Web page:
February 5, 2010

A Happiness Is Relative To What?

Real life women share their own experiences and thoughts about A Woman's Happiness Is Relative To What?

Sometimes it only takes a minute to create happiness. One thing that I've found that makes me happy is to make my bed on a daily basis. I've resisted this for years and just recently embarked on a major decluttering of the home I've lived in for 25 years. Although that did make me happy, it is the one minute it takes to make my bed that I see throughout the day that reminds me that I'm worth the effort.
My happiness thought of the week? A major happiness blocker is expectations, especially when manifested as entitlement. Especially a sense of entitlement that leaves you feeling wronged by the universe not giving you something. So I'm trying to become more aware of those these days. Awareness is the cornerstone. Have you tried a full on meditation retreat yet? There is no such thing as "being" happy. Save for brief, transitory reactions to events in our lives that give us pleasure. Except, perhaps, for retarded people.
For me happiness is a practice. Not of something I feel but of who I am. It's got nothing to do with being upset, angry, or having things going my way. As long as I hold on to the knowing that my life is perfect just the way it is, with its ups and its downs, I remain happy. Steadfastly happy even in deep sorrow.
It has been my experience that happiness , like so many other things in life, is a choice. We choose to be happy, just as we choose to love. These things are not emotional feelings. They are perspectives and actions. They are independent of circumstances, social status, monetary situations, geographic location etc. It cannot be found in a person, fame, a job, a hobby, a bottle, or a billfold. If you chase it, it will always be just out of reach. Happiness is found between our ears. It is a state of mind; an attitude. It is a way of seeing the world around us. It's the way we choose to see and interact with the world around. It is a choice. But, hey, that may just be me; what do I know.
So many of the happy people I know -- especially those who have faced big happiness challenges -- say exactly the same thing: happiness is a choice.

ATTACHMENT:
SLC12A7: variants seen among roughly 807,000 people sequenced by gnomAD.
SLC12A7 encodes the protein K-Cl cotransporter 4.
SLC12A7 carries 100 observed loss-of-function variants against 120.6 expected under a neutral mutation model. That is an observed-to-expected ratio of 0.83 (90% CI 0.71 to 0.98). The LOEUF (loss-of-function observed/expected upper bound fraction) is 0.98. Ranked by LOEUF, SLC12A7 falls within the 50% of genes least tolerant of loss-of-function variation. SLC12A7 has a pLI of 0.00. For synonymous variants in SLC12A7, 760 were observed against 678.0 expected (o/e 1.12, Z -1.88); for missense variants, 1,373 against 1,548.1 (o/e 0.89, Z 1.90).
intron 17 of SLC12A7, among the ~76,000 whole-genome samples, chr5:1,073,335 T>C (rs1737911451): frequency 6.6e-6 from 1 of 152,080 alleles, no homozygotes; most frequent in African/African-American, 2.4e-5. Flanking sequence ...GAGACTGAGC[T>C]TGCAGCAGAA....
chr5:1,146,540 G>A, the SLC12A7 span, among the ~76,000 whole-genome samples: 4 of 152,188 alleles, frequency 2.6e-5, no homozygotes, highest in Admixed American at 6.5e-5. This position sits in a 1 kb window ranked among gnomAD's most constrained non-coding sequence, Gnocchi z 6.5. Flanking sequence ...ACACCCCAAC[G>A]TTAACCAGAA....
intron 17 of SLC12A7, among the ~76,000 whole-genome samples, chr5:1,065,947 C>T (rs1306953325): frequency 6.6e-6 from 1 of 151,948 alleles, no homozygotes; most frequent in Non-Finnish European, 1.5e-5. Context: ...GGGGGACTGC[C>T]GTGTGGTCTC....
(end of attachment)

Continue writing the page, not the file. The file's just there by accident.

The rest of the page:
I think the problem is that for many people, it's hard to understand how to"choose happiness" in everyday life. Even if they want to, it's hard tofigure out how to put that into action. I know it's hard for me. I have trouble with aims that are abstract, like "be more optimistic," "find more joy," "enjoy the present," and "choose happiness." That's why I focus on smaller, very concrete, actions. They lead me to the same result, but easier for me to take steps.
My happiness project began three months ago. After years of battling to save my daughter from spending half of her time with a molesting father, I was broken inside. So unhappy, my teeth were ground down to broken. So broke I was nearly bankrupt. And one day, tearfully, I told myself, "I'm going to be happy anyway." I did not know how. It did not mean I was going to quit trying to save my daughter. But it did mean that I was committed to happiness. You see, it's hard to believe you deserve any happiness if something terrible is happening to one of your children.
Well, I can't say the experiment is over. But my mantra is the same. "I'm going to be happy anyway." And sometimes, more often than if I hadn't, it is working. I hope that the little bit of extra light in me will light the way for my children, and that it can continue to grow. So that they can heal and be happy, too.

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